2. Yes, Lynn Nadel's passionate excess may be irritating at times; it is the other side of the coin of his incredible energy and commitment. We appreciate and admire that energy and commitment. He is quick to jump in but just as quick to back off if you show him why he should - that's his style, and instances of it have occurred more than once in these very columns, which is why we continue to have faith in the process. At least he listens, and hears, and is willing to change course when you get your point across; if only we could say as much for the president and provost...

  3. I consider myself chastised. Anon 8:03 is right - no one voted me as the spokesperson. I'll try to shut up more.

    But I still think another poll is a bad idea -- as did Wanda and the others up front.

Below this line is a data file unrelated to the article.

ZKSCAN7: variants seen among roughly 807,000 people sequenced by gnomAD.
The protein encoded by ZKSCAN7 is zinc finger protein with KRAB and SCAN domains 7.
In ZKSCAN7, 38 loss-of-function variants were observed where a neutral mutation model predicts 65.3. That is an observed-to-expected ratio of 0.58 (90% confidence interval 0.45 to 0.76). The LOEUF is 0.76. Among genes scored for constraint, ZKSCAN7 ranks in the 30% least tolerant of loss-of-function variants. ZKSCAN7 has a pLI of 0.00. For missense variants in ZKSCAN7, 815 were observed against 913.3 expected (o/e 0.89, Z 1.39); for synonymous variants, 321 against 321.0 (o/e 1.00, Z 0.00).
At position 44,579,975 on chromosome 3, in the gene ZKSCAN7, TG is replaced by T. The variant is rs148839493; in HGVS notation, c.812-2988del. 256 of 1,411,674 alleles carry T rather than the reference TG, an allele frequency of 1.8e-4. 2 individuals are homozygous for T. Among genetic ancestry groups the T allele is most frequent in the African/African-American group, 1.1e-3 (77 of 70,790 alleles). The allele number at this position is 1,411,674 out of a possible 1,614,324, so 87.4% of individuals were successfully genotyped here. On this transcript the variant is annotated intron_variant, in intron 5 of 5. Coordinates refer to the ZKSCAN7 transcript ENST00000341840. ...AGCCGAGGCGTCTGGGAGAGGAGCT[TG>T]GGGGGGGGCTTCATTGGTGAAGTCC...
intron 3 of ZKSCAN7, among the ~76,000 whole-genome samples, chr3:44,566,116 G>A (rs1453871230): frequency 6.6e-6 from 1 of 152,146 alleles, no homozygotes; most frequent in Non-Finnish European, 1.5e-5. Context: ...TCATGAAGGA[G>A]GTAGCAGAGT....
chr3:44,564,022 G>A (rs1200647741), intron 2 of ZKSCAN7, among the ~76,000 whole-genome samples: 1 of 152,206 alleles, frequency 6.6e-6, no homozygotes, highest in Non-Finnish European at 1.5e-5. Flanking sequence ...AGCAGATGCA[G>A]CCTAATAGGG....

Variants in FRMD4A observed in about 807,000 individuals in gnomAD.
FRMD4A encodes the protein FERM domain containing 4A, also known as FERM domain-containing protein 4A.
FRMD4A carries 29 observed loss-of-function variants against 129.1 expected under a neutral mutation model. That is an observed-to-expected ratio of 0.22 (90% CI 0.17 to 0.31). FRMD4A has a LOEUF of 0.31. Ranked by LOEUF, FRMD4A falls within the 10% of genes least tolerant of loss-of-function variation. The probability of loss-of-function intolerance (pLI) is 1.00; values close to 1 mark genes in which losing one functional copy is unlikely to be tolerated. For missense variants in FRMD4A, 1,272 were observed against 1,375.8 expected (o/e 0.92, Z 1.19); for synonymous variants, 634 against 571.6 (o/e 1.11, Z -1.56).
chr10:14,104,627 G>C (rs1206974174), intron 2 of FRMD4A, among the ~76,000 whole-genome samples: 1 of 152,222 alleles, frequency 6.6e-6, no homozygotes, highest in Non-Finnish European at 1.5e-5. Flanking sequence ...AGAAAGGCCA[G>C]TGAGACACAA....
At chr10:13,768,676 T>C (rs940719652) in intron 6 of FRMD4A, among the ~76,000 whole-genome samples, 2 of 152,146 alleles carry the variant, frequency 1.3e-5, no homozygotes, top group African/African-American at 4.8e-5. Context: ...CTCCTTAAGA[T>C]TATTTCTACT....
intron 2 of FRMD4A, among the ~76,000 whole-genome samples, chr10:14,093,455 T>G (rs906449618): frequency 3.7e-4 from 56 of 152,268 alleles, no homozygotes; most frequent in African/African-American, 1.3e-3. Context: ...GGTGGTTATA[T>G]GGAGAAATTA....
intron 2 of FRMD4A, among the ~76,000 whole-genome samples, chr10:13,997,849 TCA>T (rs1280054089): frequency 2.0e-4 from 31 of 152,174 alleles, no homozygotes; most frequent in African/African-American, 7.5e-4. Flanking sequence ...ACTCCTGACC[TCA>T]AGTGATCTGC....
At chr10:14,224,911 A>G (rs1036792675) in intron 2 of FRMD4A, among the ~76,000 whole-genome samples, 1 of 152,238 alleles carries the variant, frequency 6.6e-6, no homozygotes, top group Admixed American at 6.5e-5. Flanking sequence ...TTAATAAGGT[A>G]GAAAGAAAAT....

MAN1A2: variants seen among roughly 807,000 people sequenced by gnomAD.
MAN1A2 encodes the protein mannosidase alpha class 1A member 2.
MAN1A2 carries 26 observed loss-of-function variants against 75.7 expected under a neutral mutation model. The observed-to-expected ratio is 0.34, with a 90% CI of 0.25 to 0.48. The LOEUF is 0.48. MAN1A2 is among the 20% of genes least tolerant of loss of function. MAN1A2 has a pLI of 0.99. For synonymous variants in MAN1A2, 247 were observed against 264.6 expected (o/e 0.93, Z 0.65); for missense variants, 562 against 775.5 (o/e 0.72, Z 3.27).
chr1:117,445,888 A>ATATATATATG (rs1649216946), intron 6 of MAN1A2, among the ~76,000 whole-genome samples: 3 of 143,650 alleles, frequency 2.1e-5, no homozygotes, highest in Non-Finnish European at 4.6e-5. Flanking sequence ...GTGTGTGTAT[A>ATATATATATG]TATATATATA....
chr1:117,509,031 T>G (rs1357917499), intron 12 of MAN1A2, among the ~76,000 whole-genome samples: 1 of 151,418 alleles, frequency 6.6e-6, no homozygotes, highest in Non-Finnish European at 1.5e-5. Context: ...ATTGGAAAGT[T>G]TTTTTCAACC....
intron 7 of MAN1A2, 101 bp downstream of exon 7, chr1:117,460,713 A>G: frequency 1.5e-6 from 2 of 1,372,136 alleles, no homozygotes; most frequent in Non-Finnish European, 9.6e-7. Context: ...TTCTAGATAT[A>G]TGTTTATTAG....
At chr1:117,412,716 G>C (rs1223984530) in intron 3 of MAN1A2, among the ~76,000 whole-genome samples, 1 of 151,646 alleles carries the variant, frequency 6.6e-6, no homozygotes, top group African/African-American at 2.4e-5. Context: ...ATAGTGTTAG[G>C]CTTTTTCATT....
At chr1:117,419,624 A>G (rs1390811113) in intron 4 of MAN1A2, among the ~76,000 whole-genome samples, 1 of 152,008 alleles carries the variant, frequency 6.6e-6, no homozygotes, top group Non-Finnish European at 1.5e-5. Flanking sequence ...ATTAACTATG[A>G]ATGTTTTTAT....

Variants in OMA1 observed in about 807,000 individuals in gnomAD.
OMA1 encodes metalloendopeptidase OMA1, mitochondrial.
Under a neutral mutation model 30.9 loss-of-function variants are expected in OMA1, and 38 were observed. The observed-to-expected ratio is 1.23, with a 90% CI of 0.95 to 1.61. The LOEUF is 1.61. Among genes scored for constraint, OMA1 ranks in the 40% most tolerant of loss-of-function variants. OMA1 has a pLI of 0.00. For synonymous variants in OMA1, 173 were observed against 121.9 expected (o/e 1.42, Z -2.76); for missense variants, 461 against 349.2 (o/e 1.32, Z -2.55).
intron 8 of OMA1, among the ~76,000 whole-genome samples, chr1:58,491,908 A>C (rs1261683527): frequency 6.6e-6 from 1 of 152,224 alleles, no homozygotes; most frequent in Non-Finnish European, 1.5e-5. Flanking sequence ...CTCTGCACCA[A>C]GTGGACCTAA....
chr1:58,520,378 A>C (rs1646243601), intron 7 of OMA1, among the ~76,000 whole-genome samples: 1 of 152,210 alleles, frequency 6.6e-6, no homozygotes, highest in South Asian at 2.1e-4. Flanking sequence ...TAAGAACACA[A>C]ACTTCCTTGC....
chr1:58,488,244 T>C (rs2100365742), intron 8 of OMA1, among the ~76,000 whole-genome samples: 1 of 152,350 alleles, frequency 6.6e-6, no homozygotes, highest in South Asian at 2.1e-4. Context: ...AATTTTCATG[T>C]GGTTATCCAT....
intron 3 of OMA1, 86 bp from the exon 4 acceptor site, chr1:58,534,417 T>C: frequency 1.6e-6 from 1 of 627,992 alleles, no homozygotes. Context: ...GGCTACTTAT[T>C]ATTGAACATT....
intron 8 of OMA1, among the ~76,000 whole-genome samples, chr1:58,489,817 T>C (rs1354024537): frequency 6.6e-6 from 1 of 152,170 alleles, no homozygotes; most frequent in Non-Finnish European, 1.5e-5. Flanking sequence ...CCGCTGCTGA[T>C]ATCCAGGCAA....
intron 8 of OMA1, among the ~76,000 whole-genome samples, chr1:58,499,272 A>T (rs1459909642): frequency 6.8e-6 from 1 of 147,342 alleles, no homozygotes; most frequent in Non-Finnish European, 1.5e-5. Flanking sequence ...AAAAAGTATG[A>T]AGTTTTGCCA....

And, I still will defend the administration's handling of the chalk incident and the domestic partner benefits issue. I had an inside view of how the latter issue was handled and I thought folks would be interested in hearing what really happened. I actually imagined that the calls for transparency were serious -- I guess that only applies for some people if they agree with what gets said.

    If Anon 8:03's post is representative than it's time for me to keep my thoughts to myself for a while. At least in public.

    Lynn Nadel

  4. I fear that Lynn is working as hard to support the President and Provost as he is to address our concerns. He says in an interview with Renee Horton on her blog today that he thinks it is a bad idea to get rid of either of them now...during the budget crisis. One opinion of course, but it bothers me. it bothers me that this poll was suggested, it bothers me that it was not a real vote of confidence, it bothers me that it gets written off as not scientific after some feel the results aren't to their liking.